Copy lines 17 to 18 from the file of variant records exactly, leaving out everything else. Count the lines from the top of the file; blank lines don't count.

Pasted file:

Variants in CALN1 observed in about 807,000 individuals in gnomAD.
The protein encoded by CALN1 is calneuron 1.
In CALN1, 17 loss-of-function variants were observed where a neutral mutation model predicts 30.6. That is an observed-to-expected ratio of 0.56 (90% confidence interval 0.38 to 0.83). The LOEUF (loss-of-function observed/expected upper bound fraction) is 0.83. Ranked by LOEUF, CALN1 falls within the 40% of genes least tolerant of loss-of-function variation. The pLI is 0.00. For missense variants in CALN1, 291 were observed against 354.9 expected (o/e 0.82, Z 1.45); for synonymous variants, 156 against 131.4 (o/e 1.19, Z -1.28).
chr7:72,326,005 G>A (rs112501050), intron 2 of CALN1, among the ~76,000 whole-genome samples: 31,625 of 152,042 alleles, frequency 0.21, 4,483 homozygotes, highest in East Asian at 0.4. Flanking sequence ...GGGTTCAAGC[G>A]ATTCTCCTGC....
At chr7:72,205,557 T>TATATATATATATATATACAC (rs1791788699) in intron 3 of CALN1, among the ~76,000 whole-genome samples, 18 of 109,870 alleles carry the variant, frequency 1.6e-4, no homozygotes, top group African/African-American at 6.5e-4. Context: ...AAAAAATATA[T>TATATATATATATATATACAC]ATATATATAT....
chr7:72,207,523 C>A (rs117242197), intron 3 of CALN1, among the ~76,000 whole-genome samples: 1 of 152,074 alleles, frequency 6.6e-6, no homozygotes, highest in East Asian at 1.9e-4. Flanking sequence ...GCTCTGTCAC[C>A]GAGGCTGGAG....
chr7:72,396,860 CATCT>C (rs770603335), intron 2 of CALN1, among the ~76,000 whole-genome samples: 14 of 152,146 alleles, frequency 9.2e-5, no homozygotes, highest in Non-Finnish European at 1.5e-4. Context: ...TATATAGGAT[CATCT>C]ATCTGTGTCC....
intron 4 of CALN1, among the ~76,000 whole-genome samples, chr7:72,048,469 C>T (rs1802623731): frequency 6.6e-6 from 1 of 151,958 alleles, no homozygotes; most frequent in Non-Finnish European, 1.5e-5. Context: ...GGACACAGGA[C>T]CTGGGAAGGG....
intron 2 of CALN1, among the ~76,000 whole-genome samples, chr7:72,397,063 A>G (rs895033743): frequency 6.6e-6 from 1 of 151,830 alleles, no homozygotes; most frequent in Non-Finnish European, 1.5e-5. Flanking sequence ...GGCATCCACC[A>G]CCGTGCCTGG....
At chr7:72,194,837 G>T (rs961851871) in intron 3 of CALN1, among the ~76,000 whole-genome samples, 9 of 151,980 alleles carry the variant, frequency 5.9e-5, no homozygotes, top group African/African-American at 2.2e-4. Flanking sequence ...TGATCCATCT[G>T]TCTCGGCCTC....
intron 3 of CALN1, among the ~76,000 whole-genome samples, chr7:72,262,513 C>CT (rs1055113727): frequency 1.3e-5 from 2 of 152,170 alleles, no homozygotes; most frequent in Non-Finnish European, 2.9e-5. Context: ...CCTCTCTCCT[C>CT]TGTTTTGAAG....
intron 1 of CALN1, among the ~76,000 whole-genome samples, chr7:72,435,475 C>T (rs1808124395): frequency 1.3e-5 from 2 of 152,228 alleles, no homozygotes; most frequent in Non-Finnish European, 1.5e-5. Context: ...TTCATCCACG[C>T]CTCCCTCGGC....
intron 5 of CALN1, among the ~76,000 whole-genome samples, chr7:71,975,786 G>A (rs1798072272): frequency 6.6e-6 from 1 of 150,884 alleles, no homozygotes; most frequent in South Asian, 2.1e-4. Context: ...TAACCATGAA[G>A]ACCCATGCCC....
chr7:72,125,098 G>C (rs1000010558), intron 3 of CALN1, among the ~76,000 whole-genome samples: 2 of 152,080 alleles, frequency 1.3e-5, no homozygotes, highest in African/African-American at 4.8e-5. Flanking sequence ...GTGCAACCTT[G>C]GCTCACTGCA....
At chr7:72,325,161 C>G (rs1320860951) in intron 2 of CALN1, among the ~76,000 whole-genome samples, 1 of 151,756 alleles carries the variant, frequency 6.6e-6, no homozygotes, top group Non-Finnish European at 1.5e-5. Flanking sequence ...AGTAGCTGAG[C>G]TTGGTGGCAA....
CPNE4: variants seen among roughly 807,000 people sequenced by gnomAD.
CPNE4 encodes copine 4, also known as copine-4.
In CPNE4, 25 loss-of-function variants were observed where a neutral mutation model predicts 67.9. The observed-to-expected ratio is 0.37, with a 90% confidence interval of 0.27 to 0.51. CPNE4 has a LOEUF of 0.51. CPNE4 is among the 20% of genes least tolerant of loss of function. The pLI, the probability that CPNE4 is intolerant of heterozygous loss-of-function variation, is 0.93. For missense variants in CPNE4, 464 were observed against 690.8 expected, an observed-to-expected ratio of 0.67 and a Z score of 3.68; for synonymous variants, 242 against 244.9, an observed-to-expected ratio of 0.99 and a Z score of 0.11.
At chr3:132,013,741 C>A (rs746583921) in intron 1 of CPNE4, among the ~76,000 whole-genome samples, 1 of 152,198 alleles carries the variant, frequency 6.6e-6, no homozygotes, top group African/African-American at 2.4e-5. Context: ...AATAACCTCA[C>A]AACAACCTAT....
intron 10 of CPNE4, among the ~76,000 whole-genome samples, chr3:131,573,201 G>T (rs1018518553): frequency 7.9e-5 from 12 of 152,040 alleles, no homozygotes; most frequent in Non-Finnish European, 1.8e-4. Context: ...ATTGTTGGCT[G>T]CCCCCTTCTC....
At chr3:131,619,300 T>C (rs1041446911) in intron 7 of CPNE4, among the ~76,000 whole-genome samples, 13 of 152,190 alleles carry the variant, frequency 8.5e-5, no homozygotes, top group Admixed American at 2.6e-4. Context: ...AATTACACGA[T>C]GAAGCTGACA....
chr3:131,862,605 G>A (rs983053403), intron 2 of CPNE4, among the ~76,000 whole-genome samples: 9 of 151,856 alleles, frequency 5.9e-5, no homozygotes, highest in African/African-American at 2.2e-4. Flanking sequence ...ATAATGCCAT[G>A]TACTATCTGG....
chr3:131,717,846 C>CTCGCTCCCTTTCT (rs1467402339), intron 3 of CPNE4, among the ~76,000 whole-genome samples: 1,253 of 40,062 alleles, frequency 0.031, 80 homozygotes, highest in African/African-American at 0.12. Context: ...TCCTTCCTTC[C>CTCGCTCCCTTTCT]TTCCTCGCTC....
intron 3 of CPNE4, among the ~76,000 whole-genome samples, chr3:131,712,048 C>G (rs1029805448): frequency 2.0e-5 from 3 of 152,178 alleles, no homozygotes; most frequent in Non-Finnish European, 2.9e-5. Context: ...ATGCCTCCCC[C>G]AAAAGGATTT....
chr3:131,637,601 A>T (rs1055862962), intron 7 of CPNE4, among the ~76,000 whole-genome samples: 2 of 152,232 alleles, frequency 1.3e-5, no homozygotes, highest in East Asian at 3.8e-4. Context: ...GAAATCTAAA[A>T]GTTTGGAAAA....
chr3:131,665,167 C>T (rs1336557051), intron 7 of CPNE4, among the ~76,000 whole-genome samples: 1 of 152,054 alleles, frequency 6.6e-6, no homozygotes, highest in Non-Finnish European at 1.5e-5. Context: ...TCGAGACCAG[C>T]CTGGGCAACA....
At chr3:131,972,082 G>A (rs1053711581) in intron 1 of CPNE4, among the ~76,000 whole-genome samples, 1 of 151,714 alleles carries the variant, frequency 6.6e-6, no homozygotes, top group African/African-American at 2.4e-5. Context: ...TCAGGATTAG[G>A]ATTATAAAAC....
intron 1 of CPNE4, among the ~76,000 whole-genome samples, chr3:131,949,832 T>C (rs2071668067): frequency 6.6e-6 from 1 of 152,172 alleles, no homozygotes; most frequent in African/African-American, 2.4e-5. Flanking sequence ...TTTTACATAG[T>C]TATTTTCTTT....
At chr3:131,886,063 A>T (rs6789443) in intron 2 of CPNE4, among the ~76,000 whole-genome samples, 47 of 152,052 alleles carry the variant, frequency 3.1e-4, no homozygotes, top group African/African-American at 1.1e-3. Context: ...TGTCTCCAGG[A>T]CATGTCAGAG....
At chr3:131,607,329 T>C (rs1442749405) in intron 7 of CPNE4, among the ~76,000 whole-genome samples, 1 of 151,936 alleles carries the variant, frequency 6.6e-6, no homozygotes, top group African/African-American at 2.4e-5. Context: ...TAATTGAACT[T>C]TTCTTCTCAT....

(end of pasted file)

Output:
CPNE4 encodes copine 4, also known as copine-4.
In CPNE4, 25 loss-of-function variants were observed where a neutral mutation model predicts 67.9. The observed-to-expected ratio is 0.37, with a 90% confidence interval of 0.27 to 0.51. CPNE4 has a LOEUF of 0.51. CPNE4 is among the 20% of genes least tolerant of loss of function. The pLI, the probability that CPNE4 is intolerant of heterozygous loss-of-function variation, is 0.93. For missense variants in CPNE4, 464 were observed against 690.8 expected, an observed-to-expected ratio of 0.67 and a Z score of 3.68; for synonymous variants, 242 against 244.9, an observed-to-expected ratio of 0.99 and a Z score of 0.11.